Today is going to be my first Travel / Place review.
I’ve never done anything like this and don’t know many other bloggers that review places that aren’t restaurant related, so today I’m going to review the South Yorkshire Aircraft Museum.
It’s located in Doncaster in the Lakeside area and is very well-signed so easy to find from the main roads.
Once you arrive you’re greeted by a huge helicopter!
You go through the gift shop to buy your entry tickets (they also accept donations as everyone who works there is a voulenteer!) Tickets cost £6.50 for an adult, £3 for children under 16 and £5.50 for an OAP.
Once you’re through and into the yard, you have the choice to go left into the aircraft hanger, or continue forwards to see some smaller planes.
On this occasion we went into the aircraft hanger first, which was filled from top to bottom with planes and helicopters.
Not all of the planes are full-sized or in a full piece as they wouldn’t be able to fit a huge Boeing jet into the hanger along with all of the rest of the planes. So most displays were the cockpits of the planes, which you are allowed to sit in.
Each plane had a little placard with photos and true stories about the aircraft and it’s past, which was extremely educational and interesting for someone like me who loves to research planes! (Despite being too afraid to fly on one)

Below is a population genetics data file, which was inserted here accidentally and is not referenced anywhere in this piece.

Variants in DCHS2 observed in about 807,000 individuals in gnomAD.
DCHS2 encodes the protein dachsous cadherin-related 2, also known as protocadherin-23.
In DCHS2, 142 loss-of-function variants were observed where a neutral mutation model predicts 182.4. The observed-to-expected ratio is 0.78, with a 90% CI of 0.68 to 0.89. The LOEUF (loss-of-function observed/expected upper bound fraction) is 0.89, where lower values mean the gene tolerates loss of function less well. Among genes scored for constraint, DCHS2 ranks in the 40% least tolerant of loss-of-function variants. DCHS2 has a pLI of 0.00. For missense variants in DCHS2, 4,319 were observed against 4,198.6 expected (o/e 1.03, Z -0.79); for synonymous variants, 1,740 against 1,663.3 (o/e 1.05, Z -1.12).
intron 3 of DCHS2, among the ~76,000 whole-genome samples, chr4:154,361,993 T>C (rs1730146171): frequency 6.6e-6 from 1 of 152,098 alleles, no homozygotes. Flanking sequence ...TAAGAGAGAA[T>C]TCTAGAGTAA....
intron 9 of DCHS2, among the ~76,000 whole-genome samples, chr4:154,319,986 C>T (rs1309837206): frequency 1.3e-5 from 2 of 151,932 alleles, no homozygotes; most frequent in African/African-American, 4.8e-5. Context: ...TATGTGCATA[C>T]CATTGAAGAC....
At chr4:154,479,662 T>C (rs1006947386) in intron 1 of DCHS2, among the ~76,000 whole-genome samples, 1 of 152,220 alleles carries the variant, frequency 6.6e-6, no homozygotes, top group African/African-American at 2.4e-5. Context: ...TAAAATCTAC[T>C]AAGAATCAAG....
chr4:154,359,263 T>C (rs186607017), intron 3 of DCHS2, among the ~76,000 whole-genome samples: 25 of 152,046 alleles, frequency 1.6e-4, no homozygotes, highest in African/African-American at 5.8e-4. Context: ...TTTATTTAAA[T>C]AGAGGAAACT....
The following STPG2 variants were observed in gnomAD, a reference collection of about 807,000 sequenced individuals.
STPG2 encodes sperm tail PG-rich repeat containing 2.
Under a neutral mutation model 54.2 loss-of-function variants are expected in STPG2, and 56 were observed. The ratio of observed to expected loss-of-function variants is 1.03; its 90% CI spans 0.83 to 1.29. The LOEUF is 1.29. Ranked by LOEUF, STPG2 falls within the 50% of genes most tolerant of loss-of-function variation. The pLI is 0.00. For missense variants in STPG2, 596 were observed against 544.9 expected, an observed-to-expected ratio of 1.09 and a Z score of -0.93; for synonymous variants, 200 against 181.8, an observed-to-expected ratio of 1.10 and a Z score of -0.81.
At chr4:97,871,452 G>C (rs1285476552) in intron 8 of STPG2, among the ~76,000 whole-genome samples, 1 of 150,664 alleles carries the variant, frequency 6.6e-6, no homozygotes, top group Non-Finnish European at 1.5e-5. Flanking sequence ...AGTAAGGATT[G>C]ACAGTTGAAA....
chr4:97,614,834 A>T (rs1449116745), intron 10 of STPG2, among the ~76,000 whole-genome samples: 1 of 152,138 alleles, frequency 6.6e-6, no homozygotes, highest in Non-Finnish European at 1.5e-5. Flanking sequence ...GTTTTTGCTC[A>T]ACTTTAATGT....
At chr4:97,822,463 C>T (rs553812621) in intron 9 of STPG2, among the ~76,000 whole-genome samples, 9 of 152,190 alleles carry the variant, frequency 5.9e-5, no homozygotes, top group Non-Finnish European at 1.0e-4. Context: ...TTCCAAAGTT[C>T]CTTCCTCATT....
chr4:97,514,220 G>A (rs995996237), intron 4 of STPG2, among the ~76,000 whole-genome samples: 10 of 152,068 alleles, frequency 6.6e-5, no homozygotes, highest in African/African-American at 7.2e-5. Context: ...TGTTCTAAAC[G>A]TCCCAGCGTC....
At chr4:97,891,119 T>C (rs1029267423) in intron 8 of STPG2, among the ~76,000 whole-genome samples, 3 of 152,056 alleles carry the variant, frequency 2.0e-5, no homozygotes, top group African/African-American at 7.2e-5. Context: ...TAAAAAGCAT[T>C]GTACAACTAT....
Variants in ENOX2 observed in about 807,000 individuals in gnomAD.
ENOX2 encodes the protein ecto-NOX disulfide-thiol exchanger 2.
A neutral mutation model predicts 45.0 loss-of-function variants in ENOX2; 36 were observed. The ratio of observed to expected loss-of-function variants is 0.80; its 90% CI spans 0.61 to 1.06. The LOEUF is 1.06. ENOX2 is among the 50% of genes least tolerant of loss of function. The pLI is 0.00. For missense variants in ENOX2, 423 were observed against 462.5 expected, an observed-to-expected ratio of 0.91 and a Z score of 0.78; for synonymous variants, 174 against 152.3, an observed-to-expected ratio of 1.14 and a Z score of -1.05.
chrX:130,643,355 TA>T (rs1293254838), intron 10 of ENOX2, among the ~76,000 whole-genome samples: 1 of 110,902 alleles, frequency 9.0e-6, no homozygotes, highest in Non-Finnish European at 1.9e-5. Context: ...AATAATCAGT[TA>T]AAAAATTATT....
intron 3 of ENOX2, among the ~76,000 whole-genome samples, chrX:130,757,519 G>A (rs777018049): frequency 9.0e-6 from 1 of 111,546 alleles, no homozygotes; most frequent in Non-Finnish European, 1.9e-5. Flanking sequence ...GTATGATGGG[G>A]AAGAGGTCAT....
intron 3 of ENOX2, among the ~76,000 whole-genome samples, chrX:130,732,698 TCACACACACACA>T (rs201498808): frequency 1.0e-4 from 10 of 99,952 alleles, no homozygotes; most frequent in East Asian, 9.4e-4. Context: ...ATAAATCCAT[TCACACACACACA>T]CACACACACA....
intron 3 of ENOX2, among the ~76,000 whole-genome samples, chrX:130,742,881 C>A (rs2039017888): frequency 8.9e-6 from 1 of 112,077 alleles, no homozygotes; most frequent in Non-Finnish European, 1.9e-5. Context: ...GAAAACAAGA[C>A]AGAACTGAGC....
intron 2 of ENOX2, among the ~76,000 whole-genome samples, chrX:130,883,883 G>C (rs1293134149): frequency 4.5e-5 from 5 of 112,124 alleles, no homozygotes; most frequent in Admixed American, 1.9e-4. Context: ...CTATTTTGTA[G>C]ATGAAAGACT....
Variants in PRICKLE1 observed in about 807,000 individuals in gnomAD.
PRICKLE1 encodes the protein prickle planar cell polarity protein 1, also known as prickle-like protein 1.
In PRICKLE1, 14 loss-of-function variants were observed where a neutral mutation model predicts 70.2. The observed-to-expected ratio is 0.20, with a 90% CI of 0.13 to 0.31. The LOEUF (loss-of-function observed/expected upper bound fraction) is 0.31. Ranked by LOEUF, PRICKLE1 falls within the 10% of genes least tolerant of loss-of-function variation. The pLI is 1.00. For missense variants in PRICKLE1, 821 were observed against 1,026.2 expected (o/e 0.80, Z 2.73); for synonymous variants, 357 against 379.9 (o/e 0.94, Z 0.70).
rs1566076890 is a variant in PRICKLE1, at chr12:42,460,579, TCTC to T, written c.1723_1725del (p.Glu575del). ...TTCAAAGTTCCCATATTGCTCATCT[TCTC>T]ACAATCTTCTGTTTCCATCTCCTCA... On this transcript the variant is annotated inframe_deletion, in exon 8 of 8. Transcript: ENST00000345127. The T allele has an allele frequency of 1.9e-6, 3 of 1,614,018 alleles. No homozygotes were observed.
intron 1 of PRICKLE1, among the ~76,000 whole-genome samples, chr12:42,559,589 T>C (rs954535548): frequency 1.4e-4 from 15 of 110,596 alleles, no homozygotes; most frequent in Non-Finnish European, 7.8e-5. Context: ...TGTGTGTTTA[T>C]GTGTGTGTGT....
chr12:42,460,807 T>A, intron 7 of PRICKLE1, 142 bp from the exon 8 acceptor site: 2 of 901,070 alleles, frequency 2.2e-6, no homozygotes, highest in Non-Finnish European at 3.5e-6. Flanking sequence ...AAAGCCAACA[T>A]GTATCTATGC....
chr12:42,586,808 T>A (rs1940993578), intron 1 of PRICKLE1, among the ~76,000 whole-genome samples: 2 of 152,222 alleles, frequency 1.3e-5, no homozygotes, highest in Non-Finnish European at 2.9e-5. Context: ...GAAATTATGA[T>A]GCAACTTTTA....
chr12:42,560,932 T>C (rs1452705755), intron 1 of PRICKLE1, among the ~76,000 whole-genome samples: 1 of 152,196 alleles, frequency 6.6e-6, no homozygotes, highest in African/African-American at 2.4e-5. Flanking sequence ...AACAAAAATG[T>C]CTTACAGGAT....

A lot of the items were old war aircrafts from the RAF (Royal Air Force) that had been donated or were awaiting restoration.
All of the workers were volunteers, which meant that they took the time out of their day to freely fix up the planes. A lot of the people I spoke to had at some point been in the army and worked around the aircrafts originally.
Back outside of the hanger there were a lot of aircrafts waiting to be restored, fixed or painted. These had been bought by people who originally kept them in their farm houses just for the sake of it, who hadn’t cared for the planes which made them rust and lose their original looks. They had eventually been donated to the museum and will be made to look as good as new!
Around to the other side of the hanger was the nose and cockpit of a Vulcan RAF jet. This was the only out-door plane to be held high by a metal stand and kept under a roof surrounded by scaffolding. This could be because it is about to undergo some major fixing-up.
And finally, my favourite part of the museum was the crashed RAF Nimrod. I have always been interested in plane crashes since I was young. (Morbid, I know) and seeing crashed planes really doesn’t phase me, no matter how bad.
However I cannot see photos of sunken planes or ships as they give me major, uncontrollable panic attacks as soon as I see them. I don’t know why as I used to research into them a lot too and I’m not sure why it triggers me so much but I get scared to the point of fainting when I see anything that has sunk into the ocean. (Even typing this is difficult and the word “sunken” BLERGHHH)
So as long as a plane is crashed and on land, that’s totally fine with me! But this particular plane did crash into the sea, and was retrieved as if never sank.
Words and photos on a blog can’t really put across how incredible it is to stand in front of a huge plane and to get up close to the beasts that once flew around and carried bombs or saved people’s lives!
I’ll definitely be going back one day soon!
I hope you enjoyed this blog even though it was something a little bit different to what I usually do!
See you guys next time,
Best wishes ~ Becca x